Did you know it was Personal Firewall Day last Thursday? No, I didn't either.
The campaign, an internet equivalent of a safe sex message, came from Microsoft and several leading security suppliers as an initiative to promote the importance of firewall technology to computer users. It seems it failed to capture the public’s imagination.
On the same day, a meeting on tackling e-crime was being held in the shadow of Big Ben, and it appears that a solid, national e-crime strategy was also beyond the imagination of the government.
If I were to offer a jaded but independent view, I would say that it is all a very British mess. The notes I have in front of me say, “There is already significant debate on the relative priorities for law enforcement, given that their priorities are limited. Current priorities are focused on visible social issues, such as street crime on the one hand and major international criminal activity, such as drugs trafficking, on the other. White-collar crime is already suffering from a lack of resource within law enforcement, leading industry to take greater responsibility for the investigation and prosecution of some offences, such as software piracy and credit card fraud, as well as ‘unacceptable activities’, relating to the protection of children which resulted in the establishment of the Internet Watch Foundation”.
What resources we do have to fight internet crime are overworked and underfunded. An overlapping committee process directs the battle we are already fighting in the digital badlands, with responsibilities divided between different agencies, depending on whether the remit is critical infrastructure, e-crime, or intelligence. I’m briefly reminded of the classic television series, The Sweeney, where the real entertainment lay not in watching criminals being caught, but in the regular punch-ups between the Flying Squad and Special Branch when they both reached the crime scene at the same time.
Another problem in dealing with e-crime and information security issues lies in the large number of different and often competing groups, forums and working parties who are involved in the process.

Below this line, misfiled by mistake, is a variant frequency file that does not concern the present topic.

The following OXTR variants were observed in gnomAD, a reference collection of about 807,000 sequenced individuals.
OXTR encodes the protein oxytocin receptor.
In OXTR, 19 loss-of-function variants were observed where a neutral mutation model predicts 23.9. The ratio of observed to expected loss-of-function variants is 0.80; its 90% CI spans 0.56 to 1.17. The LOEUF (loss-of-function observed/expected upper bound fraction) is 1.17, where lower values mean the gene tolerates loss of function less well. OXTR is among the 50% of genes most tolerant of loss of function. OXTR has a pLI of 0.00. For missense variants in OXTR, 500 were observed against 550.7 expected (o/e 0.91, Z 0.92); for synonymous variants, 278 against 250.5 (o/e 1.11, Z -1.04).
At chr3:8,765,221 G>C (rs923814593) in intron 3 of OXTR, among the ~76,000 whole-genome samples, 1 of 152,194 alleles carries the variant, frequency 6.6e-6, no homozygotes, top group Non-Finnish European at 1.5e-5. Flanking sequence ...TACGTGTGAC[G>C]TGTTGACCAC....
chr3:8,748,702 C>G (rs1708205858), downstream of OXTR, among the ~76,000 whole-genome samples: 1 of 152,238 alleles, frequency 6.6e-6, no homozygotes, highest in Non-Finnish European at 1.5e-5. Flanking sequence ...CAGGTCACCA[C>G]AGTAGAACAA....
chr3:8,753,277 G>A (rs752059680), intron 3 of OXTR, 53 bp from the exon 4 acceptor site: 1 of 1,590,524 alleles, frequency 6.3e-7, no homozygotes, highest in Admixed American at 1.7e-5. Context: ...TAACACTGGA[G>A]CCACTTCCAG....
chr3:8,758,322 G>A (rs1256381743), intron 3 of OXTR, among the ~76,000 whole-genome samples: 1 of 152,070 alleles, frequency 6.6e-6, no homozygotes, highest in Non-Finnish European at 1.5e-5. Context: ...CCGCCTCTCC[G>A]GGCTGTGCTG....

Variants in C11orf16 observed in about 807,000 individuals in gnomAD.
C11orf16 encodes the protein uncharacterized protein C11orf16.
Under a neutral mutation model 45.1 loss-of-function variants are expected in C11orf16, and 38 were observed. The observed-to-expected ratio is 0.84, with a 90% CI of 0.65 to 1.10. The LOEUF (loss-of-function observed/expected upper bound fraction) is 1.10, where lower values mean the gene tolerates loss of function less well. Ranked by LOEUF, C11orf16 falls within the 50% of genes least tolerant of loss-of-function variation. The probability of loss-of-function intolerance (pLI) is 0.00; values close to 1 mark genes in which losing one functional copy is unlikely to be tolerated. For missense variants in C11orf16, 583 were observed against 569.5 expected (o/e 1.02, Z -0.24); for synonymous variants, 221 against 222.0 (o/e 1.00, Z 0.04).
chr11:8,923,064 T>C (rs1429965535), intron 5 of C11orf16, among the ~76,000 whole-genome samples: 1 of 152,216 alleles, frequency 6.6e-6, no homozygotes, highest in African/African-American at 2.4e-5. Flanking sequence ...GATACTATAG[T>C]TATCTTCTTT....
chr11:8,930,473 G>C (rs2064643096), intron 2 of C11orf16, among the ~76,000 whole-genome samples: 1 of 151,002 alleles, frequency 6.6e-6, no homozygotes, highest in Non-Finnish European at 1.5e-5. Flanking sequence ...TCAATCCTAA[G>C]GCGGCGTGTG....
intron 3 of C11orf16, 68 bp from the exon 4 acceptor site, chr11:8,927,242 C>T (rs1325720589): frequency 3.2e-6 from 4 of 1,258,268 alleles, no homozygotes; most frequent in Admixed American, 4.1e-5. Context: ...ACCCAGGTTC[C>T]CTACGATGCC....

Consultation is good, but with so many different interests, all wanting to be seen to be driving the agenda, we seem to be making very little real progress tackling the growing internet crime problem beyond a steady stream of recommendations and white papers.
Finally, we need to return to funding and budgets. The Home Office might be keen to see the arrival of a solid e-crime strategy, but this needs ministerial support and, ultimately, Treasury support. The e-crime problem crosses many different departments and ministries and most of these have very little understanding or interest in a visibly growing problem.
This month, we have seen the bank of England taken to court over the BCCI affair. I wonder, if one day in the future, the government might be held accountable over its limited response to the threat from the internet. One person may be mugged in the street for £50, but 10,000 people or businesses can be mugged in cyberspace for a tenner apiece.
How we can sensibly deal with this risk as a society should be viewed rather more as an urgent concern and less of a wait-and-see exercise.
What do you think?
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Setting the world to rights with the collected thoughts and opinions of leading industry analyst Dr Simon Moores of Zentelligence.
Acting globally, Zentelligence (Research) advises governments, suppliers, business and the media on the evolution, application and delivery of leading-edge technologies and specialises in the areas of eGovernment and information security.
For further information on Zentelligence and its research, presentation and analyst services visit www.zentelligence.com
This was first published in January 2004